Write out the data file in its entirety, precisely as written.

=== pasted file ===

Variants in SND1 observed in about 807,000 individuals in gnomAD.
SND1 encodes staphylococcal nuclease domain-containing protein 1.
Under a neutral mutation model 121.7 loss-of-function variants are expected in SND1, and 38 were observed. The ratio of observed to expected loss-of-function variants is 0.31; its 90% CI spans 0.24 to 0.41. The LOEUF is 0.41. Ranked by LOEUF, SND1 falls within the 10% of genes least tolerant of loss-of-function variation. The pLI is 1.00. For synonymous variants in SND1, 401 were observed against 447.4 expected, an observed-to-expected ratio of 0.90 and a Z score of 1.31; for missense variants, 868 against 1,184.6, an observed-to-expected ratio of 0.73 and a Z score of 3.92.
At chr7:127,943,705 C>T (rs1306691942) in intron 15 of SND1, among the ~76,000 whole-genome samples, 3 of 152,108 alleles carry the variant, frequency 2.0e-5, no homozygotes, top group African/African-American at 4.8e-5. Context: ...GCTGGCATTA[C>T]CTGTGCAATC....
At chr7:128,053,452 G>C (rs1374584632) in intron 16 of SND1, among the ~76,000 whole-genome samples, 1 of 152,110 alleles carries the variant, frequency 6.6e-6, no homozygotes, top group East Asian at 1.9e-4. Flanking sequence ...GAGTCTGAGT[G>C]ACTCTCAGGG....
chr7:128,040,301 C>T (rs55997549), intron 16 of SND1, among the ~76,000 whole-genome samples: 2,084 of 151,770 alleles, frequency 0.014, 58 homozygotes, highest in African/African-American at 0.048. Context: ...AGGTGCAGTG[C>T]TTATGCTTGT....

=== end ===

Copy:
Variants in SND1 observed in about 807,000 individuals in gnomAD.
SND1 encodes staphylococcal nuclease domain-containing protein 1.
Under a neutral mutation model 121.7 loss-of-function variants are expected in SND1, and 38 were observed. The ratio of observed to expected loss-of-function variants is 0.31; its 90% CI spans 0.24 to 0.41. The LOEUF is 0.41. Ranked by LOEUF, SND1 falls within the 10% of genes least tolerant of loss-of-function variation. The pLI is 1.00. For synonymous variants in SND1, 401 were observed against 447.4 expected, an observed-to-expected ratio of 0.90 and a Z score of 1.31; for missense variants, 868 against 1,184.6, an observed-to-expected ratio of 0.73 and a Z score of 3.92.
At chr7:127,943,705 C>T (rs1306691942) in intron 15 of SND1, among the ~76,000 whole-genome samples, 3 of 152,108 alleles carry the variant, frequency 2.0e-5, no homozygotes, top group African/African-American at 4.8e-5. Context: ...GCTGGCATTA[C>T]CTGTGCAATC....
At chr7:128,053,452 G>C (rs1374584632) in intron 16 of SND1, among the ~76,000 whole-genome samples, 1 of 152,110 alleles carries the variant, frequency 6.6e-6, no homozygotes, top group East Asian at 1.9e-4. Flanking sequence ...GAGTCTGAGT[G>C]ACTCTCAGGG....
chr7:128,040,301 C>T (rs55997549), intron 16 of SND1, among the ~76,000 whole-genome samples: 2,084 of 151,770 alleles, frequency 0.014, 58 homozygotes, highest in African/African-American at 0.048. Context: ...AGGTGCAGTG[C>T]TTATGCTTGT....